How the Police are Tracking your cell phone(s)

cops

The National Security Agency isn’t the only government entity secretly collecting data from people’s cellphones.

Local police are increasingly scooping it up, too.

Armed with new technologies, including mobile devices that tap into cellphone data in real time, dozens of local and state police agencies are capturing information about thousands of cellphone users at a time, whether they are targets of an investigation or not, according to public records obtained by USA TODAY and Gannett newspapers and TV stations.

The records, from more than 125 police agencies in 33 states, reveal:

About one in four law-enforcement agencies have used a tactic known as a “tower dump,” which gives police data about the identity, activity and location of any phone that connects to the targeted cellphone towers over a set span of time, usually an hour or two. A typical dump covers multiple towers, and wireless providers, and can net information from thousands of phones.

At least 25 police departments own a Stingray, a suitcase-size device that costs as much as $400,000 and acts as a fake cell tower. The system, typically installed in a vehicle so it can be moved into any neighborhood, tricks all nearby phones into connecting to it and feeding data to police. In some states, the devices are available to any local police department via state surveillance units. The federal government funds most of the purchases, via anti-terror grants.

Thirty-six more police agencies refused to say whether they’ve used either tactic. Most denied public records requests, arguing that criminals or terrorists could use the information to thwart important crime-fighting and surveillance techniques.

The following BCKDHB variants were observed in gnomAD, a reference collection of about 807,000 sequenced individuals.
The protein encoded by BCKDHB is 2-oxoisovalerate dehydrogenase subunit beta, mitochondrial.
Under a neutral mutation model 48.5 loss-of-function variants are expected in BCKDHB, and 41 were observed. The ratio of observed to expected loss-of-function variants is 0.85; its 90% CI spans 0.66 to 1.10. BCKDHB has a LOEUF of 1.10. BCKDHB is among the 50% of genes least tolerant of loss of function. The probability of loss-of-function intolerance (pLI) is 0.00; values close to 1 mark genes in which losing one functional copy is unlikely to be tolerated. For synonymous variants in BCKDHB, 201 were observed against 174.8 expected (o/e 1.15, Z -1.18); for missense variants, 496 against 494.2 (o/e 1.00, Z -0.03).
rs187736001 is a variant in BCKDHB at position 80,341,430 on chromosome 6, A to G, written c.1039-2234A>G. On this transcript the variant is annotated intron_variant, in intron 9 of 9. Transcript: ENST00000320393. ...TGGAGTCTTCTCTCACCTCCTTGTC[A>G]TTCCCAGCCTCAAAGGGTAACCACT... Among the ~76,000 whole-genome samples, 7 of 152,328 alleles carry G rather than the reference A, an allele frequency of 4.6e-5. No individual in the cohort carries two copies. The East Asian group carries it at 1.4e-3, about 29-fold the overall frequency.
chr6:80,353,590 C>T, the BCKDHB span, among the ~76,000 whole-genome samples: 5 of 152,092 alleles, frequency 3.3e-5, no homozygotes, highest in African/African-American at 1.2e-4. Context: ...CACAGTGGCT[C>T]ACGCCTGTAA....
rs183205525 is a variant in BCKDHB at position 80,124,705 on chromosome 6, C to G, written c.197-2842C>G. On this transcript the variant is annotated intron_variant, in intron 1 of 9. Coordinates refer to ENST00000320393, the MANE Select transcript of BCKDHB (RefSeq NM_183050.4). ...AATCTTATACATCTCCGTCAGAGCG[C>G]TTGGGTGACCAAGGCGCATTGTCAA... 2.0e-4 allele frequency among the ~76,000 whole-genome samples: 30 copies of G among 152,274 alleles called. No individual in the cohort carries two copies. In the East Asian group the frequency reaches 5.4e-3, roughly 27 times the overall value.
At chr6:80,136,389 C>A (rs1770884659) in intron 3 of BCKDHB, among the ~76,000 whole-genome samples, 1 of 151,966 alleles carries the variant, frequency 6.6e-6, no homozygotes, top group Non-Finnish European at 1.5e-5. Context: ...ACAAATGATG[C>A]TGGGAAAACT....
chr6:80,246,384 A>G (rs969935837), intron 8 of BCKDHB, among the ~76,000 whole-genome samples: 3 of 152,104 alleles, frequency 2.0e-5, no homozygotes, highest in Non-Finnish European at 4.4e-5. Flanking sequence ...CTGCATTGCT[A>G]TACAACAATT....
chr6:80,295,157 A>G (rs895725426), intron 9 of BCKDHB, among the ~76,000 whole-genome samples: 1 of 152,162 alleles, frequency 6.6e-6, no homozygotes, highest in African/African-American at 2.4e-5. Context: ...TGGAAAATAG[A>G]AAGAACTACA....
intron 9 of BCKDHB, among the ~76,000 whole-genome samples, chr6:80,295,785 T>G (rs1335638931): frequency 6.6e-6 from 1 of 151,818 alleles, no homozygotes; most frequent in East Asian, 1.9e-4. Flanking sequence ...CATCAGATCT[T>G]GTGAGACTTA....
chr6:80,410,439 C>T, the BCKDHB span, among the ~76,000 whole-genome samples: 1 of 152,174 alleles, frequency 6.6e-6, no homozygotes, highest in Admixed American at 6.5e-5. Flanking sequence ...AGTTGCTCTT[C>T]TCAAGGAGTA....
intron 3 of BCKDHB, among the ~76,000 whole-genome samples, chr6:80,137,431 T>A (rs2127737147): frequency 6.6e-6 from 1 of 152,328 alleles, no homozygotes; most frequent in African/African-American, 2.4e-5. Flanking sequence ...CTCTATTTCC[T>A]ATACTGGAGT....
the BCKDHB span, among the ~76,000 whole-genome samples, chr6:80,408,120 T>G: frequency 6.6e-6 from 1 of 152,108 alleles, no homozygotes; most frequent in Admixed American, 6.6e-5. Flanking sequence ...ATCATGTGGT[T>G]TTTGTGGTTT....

Police maintain that cellphone data can help solve crimes, track fugitives or abducted children or even foil a terror attack.

Organizations such as the American Civil Liberties Union and Electronic Privacy Information Center (EPIC) say the swelling ability by even small-town police departments to easily and quickly obtain large amounts of cellphone data raises questions about the erosion of people’s privacy as well as their Fourth Amendment protections against unreasonable search and seizure.

Organizations such as the American Civil Liberties Union and Electronic Privacy Information Center (EPIC) say the swelling ability by even small-town police departments to easily and quickly obtain large amounts of cellphone data raises questions about the erosion of people’s privacy as well as their Fourth Amendment protections against unreasonable search and seizure.

“I don’t think that these devices should never be used, but at the same time, you should clearly be getting a warrant,” said Alan Butler of EPIC.

In most states, police can get many kinds of cellphone data without obtaining a warrant, which they’d need to search someone’s house or car. Privacy advocates, legislators and courts are debating the legal standards with increasing intensity as technology — and the amount of sensitive information people entrust to their devices — evolves.

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